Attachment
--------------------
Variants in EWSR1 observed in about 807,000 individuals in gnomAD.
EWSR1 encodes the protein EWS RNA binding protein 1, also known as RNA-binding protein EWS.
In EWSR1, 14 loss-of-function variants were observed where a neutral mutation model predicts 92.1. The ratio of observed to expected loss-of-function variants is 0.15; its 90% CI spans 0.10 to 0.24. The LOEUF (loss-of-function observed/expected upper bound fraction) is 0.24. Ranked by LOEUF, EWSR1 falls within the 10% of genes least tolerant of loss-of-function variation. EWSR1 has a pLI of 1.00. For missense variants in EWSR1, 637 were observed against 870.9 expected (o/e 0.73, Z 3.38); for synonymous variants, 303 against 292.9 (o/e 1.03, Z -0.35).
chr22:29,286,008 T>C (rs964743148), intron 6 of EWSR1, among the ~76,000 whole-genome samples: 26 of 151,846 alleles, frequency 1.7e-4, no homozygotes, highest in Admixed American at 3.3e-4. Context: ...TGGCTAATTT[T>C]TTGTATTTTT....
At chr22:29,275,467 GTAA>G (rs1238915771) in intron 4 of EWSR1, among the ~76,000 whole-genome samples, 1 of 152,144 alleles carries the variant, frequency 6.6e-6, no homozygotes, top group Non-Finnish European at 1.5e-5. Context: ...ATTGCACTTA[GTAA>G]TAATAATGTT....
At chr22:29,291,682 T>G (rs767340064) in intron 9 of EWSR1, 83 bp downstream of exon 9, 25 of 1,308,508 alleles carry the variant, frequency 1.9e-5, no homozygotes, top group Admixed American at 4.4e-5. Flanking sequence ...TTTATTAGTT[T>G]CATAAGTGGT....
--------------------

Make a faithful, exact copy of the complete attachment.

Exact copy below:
Variants in EWSR1 observed in about 807,000 individuals in gnomAD.
EWSR1 encodes the protein EWS RNA binding protein 1, also known as RNA-binding protein EWS.
In EWSR1, 14 loss-of-function variants were observed where a neutral mutation model predicts 92.1. The ratio of observed to expected loss-of-function variants is 0.15; its 90% CI spans 0.10 to 0.24. The LOEUF (loss-of-function observed/expected upper bound fraction) is 0.24. Ranked by LOEUF, EWSR1 falls within the 10% of genes least tolerant of loss-of-function variation. EWSR1 has a pLI of 1.00. For missense variants in EWSR1, 637 were observed against 870.9 expected (o/e 0.73, Z 3.38); for synonymous variants, 303 against 292.9 (o/e 1.03, Z -0.35).
chr22:29,286,008 T>C (rs964743148), intron 6 of EWSR1, among the ~76,000 whole-genome samples: 26 of 151,846 alleles, frequency 1.7e-4, no homozygotes, highest in Admixed American at 3.3e-4. Context: ...TGGCTAATTT[T>C]TTGTATTTTT....
At chr22:29,275,467 GTAA>G (rs1238915771) in intron 4 of EWSR1, among the ~76,000 whole-genome samples, 1 of 152,144 alleles carries the variant, frequency 6.6e-6, no homozygotes, top group Non-Finnish European at 1.5e-5. Context: ...ATTGCACTTA[GTAA>G]TAATAATGTT....
At chr22:29,291,682 T>G (rs767340064) in intron 9 of EWSR1, 83 bp downstream of exon 9, 25 of 1,308,508 alleles carry the variant, frequency 1.9e-5, no homozygotes, top group Admixed American at 4.4e-5. Flanking sequence ...TTTATTAGTT[T>G]CATAAGTGGT....